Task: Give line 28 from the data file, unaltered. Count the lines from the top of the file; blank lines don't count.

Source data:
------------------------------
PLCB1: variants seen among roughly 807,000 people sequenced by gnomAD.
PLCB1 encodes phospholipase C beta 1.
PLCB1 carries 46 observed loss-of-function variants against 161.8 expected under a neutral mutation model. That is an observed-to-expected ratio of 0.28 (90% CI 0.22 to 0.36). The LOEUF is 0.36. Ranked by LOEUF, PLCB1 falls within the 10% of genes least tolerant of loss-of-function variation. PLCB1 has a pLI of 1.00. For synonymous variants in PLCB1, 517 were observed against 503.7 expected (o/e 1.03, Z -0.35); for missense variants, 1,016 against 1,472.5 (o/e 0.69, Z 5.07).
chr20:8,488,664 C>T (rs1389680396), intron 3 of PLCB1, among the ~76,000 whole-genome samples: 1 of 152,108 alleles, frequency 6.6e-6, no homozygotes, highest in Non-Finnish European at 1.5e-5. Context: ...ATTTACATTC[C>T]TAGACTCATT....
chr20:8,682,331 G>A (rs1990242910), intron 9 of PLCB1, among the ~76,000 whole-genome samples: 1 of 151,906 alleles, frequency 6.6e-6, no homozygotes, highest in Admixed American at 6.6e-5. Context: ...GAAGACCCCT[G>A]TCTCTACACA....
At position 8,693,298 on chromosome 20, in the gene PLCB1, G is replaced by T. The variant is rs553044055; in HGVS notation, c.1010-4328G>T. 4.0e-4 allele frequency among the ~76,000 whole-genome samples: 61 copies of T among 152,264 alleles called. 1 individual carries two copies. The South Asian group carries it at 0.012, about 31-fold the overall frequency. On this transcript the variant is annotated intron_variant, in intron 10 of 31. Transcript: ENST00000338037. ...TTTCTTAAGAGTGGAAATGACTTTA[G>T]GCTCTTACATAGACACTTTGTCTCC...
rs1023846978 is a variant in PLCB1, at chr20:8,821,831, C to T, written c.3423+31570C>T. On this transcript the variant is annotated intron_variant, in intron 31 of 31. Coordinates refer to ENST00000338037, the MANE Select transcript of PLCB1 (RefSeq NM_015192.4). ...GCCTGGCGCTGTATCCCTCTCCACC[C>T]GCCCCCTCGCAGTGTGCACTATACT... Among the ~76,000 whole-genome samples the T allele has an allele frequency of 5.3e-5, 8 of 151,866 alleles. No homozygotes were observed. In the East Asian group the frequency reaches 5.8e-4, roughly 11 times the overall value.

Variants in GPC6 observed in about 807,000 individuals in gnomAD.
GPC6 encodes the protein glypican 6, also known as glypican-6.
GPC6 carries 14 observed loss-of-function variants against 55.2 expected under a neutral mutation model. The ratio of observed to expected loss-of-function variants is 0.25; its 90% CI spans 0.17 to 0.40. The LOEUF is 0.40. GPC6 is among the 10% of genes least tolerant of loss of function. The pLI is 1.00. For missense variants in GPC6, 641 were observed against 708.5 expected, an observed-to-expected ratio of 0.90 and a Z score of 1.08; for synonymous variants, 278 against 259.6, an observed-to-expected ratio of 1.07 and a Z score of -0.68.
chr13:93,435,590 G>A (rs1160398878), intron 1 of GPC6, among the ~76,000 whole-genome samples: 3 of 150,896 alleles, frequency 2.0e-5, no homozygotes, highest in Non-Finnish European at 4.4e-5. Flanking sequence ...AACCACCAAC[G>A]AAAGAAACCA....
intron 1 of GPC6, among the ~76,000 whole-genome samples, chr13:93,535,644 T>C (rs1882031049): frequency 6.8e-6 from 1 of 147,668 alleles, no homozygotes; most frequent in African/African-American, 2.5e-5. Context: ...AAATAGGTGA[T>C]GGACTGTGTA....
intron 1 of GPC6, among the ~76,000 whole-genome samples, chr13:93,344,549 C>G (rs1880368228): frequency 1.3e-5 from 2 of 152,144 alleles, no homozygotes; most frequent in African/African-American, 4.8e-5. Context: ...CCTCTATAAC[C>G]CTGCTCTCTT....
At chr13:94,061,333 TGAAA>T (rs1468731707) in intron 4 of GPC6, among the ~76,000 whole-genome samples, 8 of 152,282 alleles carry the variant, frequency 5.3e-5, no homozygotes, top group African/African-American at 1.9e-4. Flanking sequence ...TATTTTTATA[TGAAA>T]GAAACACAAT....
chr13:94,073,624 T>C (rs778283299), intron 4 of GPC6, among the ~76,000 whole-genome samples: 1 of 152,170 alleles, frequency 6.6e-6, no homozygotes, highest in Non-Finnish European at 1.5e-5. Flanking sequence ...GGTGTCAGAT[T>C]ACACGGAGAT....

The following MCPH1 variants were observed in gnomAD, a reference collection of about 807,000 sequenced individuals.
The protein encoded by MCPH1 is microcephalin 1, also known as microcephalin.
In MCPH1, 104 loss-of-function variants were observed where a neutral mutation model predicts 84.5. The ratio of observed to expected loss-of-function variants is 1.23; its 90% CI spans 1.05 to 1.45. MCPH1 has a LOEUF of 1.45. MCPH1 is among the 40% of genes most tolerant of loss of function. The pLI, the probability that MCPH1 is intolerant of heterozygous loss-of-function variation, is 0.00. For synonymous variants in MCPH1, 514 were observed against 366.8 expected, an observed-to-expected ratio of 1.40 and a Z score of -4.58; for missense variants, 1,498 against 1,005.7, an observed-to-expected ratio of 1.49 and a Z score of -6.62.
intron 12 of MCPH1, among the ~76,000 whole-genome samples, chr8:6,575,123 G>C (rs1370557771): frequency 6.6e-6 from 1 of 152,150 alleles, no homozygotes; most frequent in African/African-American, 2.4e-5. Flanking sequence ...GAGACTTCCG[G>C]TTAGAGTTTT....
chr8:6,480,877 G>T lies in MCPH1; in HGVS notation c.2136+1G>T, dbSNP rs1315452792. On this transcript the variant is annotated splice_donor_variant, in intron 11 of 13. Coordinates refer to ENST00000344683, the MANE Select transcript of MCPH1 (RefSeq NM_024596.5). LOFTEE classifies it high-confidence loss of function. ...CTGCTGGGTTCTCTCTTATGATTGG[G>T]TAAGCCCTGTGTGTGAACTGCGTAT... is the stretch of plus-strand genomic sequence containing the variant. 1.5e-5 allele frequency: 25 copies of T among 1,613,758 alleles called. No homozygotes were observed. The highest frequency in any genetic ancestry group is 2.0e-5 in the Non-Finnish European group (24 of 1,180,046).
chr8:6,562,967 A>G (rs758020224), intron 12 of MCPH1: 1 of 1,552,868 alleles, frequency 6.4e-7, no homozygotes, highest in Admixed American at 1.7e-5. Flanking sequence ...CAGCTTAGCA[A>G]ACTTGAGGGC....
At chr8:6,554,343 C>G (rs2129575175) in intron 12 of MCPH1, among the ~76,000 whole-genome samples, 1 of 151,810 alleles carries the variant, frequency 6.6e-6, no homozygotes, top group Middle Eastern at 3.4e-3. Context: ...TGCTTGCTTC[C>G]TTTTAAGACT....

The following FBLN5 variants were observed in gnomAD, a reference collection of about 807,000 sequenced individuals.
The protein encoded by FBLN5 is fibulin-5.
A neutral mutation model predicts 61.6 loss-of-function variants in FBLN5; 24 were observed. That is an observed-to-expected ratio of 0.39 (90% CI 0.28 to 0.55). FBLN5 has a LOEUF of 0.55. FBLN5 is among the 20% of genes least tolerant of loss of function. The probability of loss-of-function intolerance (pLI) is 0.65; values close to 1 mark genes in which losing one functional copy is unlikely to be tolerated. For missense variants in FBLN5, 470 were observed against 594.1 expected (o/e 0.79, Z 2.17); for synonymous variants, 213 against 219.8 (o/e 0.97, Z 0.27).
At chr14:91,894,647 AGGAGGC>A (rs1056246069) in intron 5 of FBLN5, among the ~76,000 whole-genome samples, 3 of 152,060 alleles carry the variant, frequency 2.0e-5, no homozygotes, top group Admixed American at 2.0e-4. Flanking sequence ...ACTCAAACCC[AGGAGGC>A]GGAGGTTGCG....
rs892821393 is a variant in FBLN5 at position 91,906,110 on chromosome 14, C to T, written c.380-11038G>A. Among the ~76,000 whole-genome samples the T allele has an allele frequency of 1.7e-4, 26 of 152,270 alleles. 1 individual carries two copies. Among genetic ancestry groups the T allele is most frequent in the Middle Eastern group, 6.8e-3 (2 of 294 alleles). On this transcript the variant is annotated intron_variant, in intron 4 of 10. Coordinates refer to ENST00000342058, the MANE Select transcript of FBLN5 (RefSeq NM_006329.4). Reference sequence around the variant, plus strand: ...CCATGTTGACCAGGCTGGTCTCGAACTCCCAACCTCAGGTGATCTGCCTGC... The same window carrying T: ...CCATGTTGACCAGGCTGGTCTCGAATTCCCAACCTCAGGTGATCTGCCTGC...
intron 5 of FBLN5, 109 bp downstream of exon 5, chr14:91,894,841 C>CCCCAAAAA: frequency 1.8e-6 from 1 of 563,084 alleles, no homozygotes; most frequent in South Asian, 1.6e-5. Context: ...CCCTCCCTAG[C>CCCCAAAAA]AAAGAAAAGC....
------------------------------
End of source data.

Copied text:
intron 5 of FBLN5, 109 bp downstream of exon 5, chr14:91,894,841 C>CCCCAAAAA: frequency 1.8e-6 from 1 of 563,084 alleles, no homozygotes; most frequent in South Asian, 1.6e-5. Context: ...CCCTCCCTAG[C>CCCCAAAAA]AAAGAAAAGC....